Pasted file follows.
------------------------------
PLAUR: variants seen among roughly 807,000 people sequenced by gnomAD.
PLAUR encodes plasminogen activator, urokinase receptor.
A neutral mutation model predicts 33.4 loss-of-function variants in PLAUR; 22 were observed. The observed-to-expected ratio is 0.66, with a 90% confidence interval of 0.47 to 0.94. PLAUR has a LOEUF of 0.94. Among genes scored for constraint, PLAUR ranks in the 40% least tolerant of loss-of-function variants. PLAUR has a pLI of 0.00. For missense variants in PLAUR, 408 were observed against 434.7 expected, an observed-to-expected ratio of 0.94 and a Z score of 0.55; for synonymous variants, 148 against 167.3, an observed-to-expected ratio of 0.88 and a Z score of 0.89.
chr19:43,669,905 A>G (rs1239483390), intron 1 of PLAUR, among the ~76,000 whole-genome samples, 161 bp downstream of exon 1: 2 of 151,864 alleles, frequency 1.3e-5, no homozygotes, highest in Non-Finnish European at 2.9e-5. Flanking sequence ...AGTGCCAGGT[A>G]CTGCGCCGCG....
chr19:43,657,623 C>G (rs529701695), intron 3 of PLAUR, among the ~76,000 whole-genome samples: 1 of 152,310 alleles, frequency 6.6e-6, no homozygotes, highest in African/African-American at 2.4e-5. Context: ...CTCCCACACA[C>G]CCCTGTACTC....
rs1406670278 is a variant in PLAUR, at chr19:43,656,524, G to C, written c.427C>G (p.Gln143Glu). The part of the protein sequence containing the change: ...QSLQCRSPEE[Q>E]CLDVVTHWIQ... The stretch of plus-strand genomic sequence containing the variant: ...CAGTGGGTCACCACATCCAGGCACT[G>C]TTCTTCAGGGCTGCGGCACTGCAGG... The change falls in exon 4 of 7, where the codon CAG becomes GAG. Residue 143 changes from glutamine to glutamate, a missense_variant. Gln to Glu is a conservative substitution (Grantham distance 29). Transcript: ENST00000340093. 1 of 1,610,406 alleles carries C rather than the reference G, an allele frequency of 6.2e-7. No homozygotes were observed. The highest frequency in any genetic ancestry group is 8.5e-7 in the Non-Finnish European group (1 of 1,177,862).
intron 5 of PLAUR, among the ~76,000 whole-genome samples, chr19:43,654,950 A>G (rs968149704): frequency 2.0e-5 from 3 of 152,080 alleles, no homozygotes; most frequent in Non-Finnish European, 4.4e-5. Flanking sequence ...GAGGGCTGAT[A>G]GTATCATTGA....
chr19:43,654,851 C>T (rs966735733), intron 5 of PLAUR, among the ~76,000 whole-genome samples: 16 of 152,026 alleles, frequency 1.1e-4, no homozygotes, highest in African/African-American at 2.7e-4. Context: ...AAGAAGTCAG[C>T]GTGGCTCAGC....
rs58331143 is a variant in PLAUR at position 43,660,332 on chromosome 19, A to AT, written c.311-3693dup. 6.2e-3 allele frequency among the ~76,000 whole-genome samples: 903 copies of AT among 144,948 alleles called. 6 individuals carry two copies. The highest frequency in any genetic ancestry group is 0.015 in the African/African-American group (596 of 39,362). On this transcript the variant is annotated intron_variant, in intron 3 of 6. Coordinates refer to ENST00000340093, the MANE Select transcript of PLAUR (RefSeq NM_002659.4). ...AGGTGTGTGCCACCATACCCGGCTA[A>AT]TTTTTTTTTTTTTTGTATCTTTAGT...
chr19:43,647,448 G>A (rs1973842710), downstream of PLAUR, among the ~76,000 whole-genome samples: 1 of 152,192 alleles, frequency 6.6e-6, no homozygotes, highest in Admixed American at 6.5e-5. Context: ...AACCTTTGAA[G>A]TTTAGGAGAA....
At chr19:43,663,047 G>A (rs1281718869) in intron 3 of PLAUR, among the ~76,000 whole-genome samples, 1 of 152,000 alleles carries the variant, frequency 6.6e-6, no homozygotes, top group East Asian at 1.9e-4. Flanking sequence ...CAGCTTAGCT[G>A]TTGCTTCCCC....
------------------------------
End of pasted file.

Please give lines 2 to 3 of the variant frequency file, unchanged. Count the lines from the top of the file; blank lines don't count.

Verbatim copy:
PLAUR encodes plasminogen activator, urokinase receptor.
A neutral mutation model predicts 33.4 loss-of-function variants in PLAUR; 22 were observed. The observed-to-expected ratio is 0.66, with a 90% confidence interval of 0.47 to 0.94. PLAUR has a LOEUF of 0.94. Among genes scored for constraint, PLAUR ranks in the 40% least tolerant of loss-of-function variants. PLAUR has a pLI of 0.00. For missense variants in PLAUR, 408 were observed against 434.7 expected, an observed-to-expected ratio of 0.94 and a Z score of 0.55; for synonymous variants, 148 against 167.3, an observed-to-expected ratio of 0.88 and a Z score of 0.89.